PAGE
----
The traditional way of throwing the defense off the scent is with constraint plays: if the defense cheats up to stop the run, the offense goes to a play action pass over their heads. The more plays in the playbook, the more constraint plays you need. If you intend to run 15 completely different plays, you really need at least 30 (including counters) or you risk tipping your hand to the defense.
Adding one new play to the playbook multiplies the amount of plays you need to keep the defense honest, and gives you less time to practice each of them.
Fewer plays in the playbook, more system efficiency
If you base your offense around one play, even if you adjust the formations (3WR vs. 3TE) or the wrinkles (how the fullback and tight end block, whether you run a QB option or not, etc.) there are things about that one play that remain the same. The OL blocks the same way. The QB's steps and fakes are the same. The runner's footwork and reads are the same. You can run the same play action pass with the same run fake.
The more things that are the same, the more efficient your practices become: if you're practicing those things you're truly preparing your team regardless of what happens during the game. You will run this play regardless of situation, and you can subtly adjust it to fit your shotgun 4 WR package, or your 3 TE "we need one yard" package. When your practices are more efficient, you have more time to install and practice each play as well as more time to focus on constraint plays.
The Zone Running System
This "system efficiency" has followed the Shannahans and Alex Gibbs around the NFL, and it is what truly transforms the Zone running plays into a Zone Running System. Gibbs is known as the Godfather of the Zone System (the saying goes "there are great coaches, there are legendary coaches, and then there's Alex Gibbs"), but he has been connected to the Shannahan coaching tree for a long time.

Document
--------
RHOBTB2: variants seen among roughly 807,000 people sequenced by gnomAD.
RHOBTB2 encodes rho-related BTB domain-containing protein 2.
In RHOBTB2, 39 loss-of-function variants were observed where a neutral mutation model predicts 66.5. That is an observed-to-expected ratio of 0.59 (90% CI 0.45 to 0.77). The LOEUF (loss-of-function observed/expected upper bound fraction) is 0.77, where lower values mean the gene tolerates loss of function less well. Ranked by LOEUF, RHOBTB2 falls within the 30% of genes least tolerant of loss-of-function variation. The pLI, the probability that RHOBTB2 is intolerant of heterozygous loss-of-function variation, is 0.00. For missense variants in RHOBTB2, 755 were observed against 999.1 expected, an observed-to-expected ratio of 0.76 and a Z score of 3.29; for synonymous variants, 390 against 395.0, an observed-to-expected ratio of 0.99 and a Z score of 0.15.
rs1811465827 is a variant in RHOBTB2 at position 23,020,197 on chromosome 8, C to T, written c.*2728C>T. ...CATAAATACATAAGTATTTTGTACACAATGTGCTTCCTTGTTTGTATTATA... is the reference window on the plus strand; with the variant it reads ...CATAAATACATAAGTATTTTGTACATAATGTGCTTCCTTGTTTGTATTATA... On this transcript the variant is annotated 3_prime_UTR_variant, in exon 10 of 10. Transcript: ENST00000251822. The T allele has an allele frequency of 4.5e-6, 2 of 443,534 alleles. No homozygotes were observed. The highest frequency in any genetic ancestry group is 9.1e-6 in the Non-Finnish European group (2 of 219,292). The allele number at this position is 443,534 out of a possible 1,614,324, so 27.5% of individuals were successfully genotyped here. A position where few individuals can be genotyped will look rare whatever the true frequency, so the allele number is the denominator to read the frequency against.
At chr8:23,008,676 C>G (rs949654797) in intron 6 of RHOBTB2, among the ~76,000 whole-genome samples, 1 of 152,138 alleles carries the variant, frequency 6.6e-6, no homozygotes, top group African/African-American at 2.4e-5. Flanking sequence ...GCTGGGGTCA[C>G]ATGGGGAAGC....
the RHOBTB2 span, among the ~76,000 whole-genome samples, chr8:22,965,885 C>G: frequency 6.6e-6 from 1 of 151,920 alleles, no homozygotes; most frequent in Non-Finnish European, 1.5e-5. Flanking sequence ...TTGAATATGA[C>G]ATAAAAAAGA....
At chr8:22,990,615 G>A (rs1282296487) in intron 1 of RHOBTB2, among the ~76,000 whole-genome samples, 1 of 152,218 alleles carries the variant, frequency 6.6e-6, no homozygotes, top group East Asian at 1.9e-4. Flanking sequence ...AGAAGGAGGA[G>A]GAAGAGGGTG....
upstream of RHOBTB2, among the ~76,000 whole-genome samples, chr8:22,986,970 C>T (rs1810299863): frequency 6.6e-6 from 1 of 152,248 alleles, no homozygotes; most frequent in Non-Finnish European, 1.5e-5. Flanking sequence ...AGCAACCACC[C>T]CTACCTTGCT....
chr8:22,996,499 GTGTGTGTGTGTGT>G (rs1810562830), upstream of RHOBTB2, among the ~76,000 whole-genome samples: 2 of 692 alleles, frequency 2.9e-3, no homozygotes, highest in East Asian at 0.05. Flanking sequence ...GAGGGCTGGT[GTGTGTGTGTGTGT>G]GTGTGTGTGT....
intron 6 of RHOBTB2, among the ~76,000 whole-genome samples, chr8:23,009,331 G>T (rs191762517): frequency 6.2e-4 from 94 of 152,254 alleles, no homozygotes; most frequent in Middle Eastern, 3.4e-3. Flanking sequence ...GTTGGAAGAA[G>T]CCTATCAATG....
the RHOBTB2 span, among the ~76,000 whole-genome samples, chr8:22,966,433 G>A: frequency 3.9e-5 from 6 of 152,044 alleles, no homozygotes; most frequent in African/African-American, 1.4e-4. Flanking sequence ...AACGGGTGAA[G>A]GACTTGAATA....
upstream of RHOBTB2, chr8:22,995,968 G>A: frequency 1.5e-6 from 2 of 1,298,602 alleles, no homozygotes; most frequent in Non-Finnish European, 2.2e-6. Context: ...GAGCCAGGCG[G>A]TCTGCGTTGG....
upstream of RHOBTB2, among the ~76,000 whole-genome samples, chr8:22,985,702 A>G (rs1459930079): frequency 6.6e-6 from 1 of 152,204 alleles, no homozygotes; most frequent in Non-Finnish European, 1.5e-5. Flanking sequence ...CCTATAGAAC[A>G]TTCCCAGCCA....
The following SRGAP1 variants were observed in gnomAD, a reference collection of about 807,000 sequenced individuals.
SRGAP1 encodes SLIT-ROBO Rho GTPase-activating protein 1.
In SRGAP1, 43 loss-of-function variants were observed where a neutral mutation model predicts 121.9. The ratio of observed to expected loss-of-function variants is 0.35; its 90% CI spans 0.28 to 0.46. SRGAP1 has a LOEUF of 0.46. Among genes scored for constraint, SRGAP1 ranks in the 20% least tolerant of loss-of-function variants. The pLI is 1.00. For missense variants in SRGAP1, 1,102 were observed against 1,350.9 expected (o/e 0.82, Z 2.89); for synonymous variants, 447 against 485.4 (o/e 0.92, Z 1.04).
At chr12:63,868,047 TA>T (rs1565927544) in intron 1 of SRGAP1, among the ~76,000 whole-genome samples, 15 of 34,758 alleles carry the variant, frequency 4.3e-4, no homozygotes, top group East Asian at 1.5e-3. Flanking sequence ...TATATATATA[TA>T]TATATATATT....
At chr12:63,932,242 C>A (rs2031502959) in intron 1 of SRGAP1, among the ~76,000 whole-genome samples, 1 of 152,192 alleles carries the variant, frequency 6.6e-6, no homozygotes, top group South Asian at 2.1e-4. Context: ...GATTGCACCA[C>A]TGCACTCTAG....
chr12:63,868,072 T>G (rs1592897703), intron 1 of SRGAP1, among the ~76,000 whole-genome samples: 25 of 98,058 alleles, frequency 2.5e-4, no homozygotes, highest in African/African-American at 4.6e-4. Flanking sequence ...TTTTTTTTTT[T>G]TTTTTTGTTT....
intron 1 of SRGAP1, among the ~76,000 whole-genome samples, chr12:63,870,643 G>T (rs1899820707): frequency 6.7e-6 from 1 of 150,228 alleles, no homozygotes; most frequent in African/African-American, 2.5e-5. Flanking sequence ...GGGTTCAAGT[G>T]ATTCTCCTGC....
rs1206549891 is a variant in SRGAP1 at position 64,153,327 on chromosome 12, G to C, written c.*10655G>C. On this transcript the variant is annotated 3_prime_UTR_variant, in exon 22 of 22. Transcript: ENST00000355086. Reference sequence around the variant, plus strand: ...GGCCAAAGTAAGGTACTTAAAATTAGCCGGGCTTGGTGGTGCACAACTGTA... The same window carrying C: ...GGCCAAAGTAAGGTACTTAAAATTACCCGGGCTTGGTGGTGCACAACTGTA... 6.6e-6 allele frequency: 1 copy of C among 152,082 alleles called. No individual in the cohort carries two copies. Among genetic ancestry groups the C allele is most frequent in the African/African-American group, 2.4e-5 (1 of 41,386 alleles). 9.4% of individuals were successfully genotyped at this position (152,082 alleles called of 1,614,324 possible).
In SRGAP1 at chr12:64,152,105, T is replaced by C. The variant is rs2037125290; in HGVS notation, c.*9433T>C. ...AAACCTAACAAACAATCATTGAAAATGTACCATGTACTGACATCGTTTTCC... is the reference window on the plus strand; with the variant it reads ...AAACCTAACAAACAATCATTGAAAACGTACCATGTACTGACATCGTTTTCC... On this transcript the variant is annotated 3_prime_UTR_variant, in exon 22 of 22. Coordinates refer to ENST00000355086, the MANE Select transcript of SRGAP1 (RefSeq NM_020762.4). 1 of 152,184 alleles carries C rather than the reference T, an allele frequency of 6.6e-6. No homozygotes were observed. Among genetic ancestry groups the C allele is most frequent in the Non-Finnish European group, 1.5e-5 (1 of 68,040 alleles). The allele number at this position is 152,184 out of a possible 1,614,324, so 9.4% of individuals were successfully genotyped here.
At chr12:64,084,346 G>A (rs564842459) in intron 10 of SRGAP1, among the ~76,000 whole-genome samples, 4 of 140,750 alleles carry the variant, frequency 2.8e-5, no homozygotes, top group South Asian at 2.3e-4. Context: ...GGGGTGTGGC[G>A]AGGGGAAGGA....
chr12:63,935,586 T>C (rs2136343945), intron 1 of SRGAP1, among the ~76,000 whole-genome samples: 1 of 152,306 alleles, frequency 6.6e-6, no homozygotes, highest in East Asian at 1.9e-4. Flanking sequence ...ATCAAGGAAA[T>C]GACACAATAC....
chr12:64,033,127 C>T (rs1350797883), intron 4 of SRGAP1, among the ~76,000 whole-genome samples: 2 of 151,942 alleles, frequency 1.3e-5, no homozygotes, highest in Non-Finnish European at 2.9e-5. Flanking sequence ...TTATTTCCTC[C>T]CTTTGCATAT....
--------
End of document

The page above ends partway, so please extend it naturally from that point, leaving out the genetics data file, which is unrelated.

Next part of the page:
Gibbs' fingerprints have been all over the running games and thousand yard rushers in Denver (Terrelle Davis, Olandis Gary, Ruben Droughns, Mike Anderson, Tatum Bell, Clinton Portis), Atlanta (Warrick Dunn, Michael Vick), Houston (Arian Foster, Steve Slaton), Washington (Alfred Morris), and Seattle (Marshawn Lynch).
The play itself
For Alex Gibbs, the "one play" in his running game is Outside Zone.
Outside Zone is also known as "Stretch" or "Wide Zone." As the names suggest, the play will be zone blocked, it will aim to stretch the defense's front horizontally, and the action of the play will be aimed wide, away from where the ball is snapped. While a lot of teams run Outside Zone, not all of them run a zone blocked system. Here is Gibbs on why more teams don't run it:
"Everyone has a little piece, but very little. And they can't get it coordinated so they give up on it, which helps us. Because it is too hard to put it in with all those other plays. You see, if you put em in with other plays, guys, you can't do it. I mean you--you're fooling yourselves! You can't get it all taught. You can't.
So you know, when I make these trips I say ‘guys, I'll give you the stuff but I tell you right now if you put this stuff in with counters and powers, weak and strong? You can't stay on the f**kin' practice field long enough to do all the things we do! [...] Miami put the force game in, and hadn't stayed up with it, and they just changed that whole crew because they tried to do too many things. They couldn't be great at anything, and it hurt em."
There is nothing magical or revolutionary about the outside zone play, nor was Gibbs the originator of the play. The success that has followed Alex Gibbs and the Shannahans really has very little to do with the play itself. It has everything to do with the depth of preparation that they have been able to achieve due to focusing on one play and the way that play fits into and becomes a coherent offensive system.
If you put it in with counters and powers, weak and strong? You can't get it all taught.